Kaolin Clay: comes in white, pink, red and yellow versions. The color is determined by the various minerals they are made of. White clay is the most delicate of all, and is recommended for sensitive skin. It is perfect for treating redness, softening the skin and brightening the complexion. It has anti-aging and anti-redness properties and, because it does not draw too much oil from the skin, it is perfect for people with dry skin who still need to nourish it with minerals and get rid of toxins.
French Green Clay: Green clay has strong absorbing and purifying properties, making it the perfect option for people with acne and oily skin. A green clay mask will suck every single blackhead out of your face! It is not the strongest, but it might not be the best option for people with sensitive skin.
Rhassoul Moroccan Clay: In my opinion, one of the most amazing products of the earth: its name comes from the Moroccan word ‘to wash’, and it has an incredible amount of minerals (it contains the highest quantity of silica, magnesium, potassium and calcium) and strong absorbing properties. It absorbs dirt so well that it is used instead of shampoo to wash hair as well, usually paired with Argan oil to avoid dryness. At the same time, its remineralizing properties are so remarkable that it reduces dryness and, when paired to a nourishing oil,  it makes for a great skin and hair moisturizer. It improves skin elasticity and smoothness.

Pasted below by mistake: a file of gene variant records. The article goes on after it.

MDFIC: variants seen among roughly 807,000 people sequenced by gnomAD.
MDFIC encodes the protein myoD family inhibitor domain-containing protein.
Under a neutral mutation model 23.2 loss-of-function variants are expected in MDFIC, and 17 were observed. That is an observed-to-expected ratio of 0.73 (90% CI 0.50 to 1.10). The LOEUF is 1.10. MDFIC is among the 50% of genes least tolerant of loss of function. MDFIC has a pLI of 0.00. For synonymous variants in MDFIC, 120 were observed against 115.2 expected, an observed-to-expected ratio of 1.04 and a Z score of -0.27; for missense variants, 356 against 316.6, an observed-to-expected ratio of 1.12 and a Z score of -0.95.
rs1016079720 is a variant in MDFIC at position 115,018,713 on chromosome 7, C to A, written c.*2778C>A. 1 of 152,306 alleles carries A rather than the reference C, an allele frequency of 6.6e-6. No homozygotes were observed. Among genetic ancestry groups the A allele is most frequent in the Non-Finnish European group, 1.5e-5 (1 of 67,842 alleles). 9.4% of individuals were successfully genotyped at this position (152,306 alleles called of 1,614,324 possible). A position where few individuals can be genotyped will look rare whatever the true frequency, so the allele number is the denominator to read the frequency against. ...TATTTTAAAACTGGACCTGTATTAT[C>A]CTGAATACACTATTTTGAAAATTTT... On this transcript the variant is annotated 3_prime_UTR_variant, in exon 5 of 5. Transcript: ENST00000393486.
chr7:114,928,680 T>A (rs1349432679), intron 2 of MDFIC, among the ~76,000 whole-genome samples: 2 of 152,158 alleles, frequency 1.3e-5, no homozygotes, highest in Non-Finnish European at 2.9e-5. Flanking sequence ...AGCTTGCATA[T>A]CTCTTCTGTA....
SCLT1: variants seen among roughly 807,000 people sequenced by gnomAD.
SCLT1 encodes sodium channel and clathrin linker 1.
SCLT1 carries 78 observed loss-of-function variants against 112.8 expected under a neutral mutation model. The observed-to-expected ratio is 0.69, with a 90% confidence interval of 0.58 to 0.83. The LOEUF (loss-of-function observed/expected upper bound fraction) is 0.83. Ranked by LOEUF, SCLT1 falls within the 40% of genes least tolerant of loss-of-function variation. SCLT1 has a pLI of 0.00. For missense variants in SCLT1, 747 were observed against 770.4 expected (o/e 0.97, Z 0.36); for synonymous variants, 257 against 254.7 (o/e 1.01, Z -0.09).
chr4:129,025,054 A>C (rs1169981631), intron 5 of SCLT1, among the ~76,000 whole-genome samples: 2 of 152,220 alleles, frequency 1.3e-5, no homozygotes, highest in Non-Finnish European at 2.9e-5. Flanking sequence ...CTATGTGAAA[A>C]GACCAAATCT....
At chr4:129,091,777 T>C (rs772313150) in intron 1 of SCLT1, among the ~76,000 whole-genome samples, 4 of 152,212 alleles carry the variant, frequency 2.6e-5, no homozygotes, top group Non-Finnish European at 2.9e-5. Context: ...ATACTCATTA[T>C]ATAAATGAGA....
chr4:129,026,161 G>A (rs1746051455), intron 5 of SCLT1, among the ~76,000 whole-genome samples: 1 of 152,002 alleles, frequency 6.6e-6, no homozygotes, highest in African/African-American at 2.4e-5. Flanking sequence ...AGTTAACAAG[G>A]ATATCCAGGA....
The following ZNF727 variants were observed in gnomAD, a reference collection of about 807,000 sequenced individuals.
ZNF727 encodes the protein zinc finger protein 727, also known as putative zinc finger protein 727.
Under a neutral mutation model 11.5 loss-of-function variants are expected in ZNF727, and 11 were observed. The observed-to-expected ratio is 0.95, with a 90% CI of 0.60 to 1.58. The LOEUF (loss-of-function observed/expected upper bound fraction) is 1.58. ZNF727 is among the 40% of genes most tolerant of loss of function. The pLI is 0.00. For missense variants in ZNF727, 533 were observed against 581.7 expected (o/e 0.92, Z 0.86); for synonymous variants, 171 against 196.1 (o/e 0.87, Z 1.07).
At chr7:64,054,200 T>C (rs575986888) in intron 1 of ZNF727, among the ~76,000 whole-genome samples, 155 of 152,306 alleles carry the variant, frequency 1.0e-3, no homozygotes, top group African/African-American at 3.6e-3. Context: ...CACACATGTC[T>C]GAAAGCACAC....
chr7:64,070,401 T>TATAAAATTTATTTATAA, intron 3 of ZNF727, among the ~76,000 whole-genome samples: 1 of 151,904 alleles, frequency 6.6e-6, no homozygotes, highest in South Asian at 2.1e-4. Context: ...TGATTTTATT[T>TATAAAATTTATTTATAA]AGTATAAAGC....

Extra fine Bentonite clay: Bentonite clay is also for internal use (yes, you can make a clay drink! Yum!) as it binds all toxins and, while it expels them, it releases in the body all of its precious minerals that are beneficial for gut, hair and bone health. It also has a strong alkalizing power, contrasting acidity in the body. Aside drinking it or putting it on your face, you can also use it to rinse your mouth, much as you would use mouthwash, to get rid of bacteria.

How to Make a Purifying Clay Mask

How to Make a Purifying Clay Mask

TIPS FOR MAKING AND APPLYING YOUR MASK

1) Do not let it dry fully
You should not get to the point where your mask gets pale, dry and crumbly on your face. We want our clay to draw out toxins and dirt, but if it dries too much it will only suck out all the water it can from your face, without giving off its minerals and beneficial properties. Make sure you always put on a very thick layer of clay and keep it on for a minimum of 8 to a maximum of 15-20 minutes, depending on what clay you are using and on your skin type. When the time is up, you should feel a bit of that tightening feeling on your face, but the clay should still look wet on top. this way, the skin will absorb all of the mask’s nutrients. Obviously, never re-use clay a second time, as it will have collected all of your skin’s toxins.